My sister, Rhonda, and I found some of his mannerisms… umm… humorous. He wore his pants almost a little too high; not quite “above the navel” as Matthew McConaughey’s character says in “Bernie,” but still a little too high. When he sat down on that little short pew on the stage in-between songs on Sunday mornings, his pants legs would rise up incredibly high. His cuffs would be almost at his knees. And, to our constant amazement, so did his socks! We always privately assumed his socks were somehow connected to his underwear. We could perfectly imitate the way he led singing, his right arm extended with barely any crook at all in the elbow and his middle finger on that right hand dipped slightly below the others. The way he paused a little too long between the first and second words of a lot of songs. “When….. …. …. I survey the wondrous cross.” For some reason, Jim pronounced “dollars” as “dah-lahs,” like he was from London or something. We imagined he mowed the lawn and changed the oil in his cars wearing his slacks and wing tips.

He and my dad were best friends. They sang together, taught Bible class together, and served together as shepherds at P-Grove. Jim and Polly Martin were at our house a lot when we were kids and we spent a lot of time at their place on Alhambra Street. On those rare occasions when we got to eat lunch at Wyatt’s Cafeteria after church, it seems the Martins were always there with us. Jim and my dad were equals in almost every sense of the term — including most of their quirkiest mannerisms — but Jim was older. My dad asked for and highly valued Jim’s opinions and insights. He talked about Jim a lot. He looked up to Jim. And that was huge for me. Jim always seemed very important to me. And, looking back, a big part of that is probably because I sensed my dad looking up to Jim, too.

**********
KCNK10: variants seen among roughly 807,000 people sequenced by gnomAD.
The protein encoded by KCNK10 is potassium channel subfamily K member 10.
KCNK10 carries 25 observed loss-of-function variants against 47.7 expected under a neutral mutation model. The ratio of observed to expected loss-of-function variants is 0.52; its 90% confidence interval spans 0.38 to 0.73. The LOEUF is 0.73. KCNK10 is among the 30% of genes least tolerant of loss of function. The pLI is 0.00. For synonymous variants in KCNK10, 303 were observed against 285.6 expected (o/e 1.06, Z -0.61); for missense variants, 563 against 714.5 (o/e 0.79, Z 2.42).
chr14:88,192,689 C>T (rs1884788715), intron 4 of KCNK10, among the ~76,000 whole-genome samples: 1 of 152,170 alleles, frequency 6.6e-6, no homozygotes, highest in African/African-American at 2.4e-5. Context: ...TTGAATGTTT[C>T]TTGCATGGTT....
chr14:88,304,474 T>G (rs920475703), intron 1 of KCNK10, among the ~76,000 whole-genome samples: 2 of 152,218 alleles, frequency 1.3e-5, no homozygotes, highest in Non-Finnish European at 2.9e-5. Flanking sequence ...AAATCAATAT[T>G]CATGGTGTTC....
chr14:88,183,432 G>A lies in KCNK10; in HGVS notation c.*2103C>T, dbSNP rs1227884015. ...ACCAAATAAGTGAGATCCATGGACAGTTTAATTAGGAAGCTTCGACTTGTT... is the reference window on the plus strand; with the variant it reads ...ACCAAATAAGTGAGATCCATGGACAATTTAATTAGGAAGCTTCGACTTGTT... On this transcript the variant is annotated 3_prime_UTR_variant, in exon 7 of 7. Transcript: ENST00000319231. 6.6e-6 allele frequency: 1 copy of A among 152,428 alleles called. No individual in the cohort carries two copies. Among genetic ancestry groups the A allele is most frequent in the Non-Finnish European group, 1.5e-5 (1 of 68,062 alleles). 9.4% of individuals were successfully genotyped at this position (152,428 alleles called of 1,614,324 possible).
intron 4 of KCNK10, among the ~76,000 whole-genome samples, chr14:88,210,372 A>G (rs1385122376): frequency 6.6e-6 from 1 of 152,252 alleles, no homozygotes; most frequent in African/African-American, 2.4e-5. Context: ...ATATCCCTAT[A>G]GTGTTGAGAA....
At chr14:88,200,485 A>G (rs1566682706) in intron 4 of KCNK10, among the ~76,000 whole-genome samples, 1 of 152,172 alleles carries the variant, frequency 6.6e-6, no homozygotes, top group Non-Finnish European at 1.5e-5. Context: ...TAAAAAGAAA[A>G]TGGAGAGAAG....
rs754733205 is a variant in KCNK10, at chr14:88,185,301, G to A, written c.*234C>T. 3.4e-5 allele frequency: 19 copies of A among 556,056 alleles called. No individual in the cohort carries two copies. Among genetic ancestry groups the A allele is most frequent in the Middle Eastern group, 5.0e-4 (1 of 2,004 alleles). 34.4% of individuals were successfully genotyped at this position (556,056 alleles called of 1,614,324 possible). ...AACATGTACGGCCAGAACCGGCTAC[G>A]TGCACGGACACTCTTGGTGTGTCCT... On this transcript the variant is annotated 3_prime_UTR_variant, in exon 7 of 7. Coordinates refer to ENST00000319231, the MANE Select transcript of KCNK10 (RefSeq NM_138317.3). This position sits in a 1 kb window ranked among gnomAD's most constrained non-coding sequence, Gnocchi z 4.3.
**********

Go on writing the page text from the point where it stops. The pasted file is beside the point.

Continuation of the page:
When Brother Martin told me I could preach and that he would pay for my training, he was telling me two things:  One, that preaching the Word of God was really, really important — maybe even more important than selling insurance; and, two,  that he believed in me, he really believed in me.

Jim and Polly’s daughter, Becky, and her husband Glen were our youth ministers at the Pleasant Grove church when we didn’t have youth ministers. Glen hired me to work at his roofing company the summer before my sophomore year in high school. He taught me how to drive a stick shift. He taught me how not to cut ridge with a Skil saw. He taught me a lot of things. For a period of four or five years I spent more time at Glen and Becky’s house than I did my own. I bought my first car when I was sixteen: a long, white 1974 Monte Carlo with a burgundy Landau top. I paid for it with roofing money. Bought the insurance policy from Jim Martin with roofing money. When I was re-baptized over Thanksgiving break of my senior year in college, it was Jim Martin who buried me with Christ. And when I finally decided to leave sports radio to enter a full time congregational preaching ministry, I called my parents. And then I called Jim Martin. He expressed to me his great delight upon hearing that news. And he told me God was going to use me to expand his Kingdom.

Jim died Sunday evening at 85 years of age. He was surrounded by his family, forgiven by his Savior, and wrapped in the loving arms of his God.

My dad and I talked on the phone together about Jim late Sunday night. A number of us preachers in Texas and around the Southwest who have been personally blessed by Jim’s son, Jimmy Martin, have been exchanging emails and texts. Rhonda and I shared some really funny stories and a few tears together on the phone yesterday. Throughout our childhood, Jim and Polly Martin were always there helping and encouraging. During our most formative years, Glen and Becky were always there helping and encouraging. For the entire seven years of my preaching ministry, Jimmy Martin has been right by my side helping and encouraging. There has never been a time in my life — all 47 years — when Jim Martin and his children were not involved in supporting me and encouraging me.

I’ve written all this —- and I could very easily keep going — to say this: encourage the young people in your church. Tell them you believe in them. Tell them how talented they are, how blessed by God they are. Tell them all the dreams you have for them, all the great things you see for them. Help the kids in your church and encourage them. You have been ordained by God to play an important role in molding and shaping young preachers and ministers, future missionaries and teachers of the Gospel. One word of encouragement to a child can carry her or him for years. One sentence of blessing to a teenager can last maybe for a lifetime.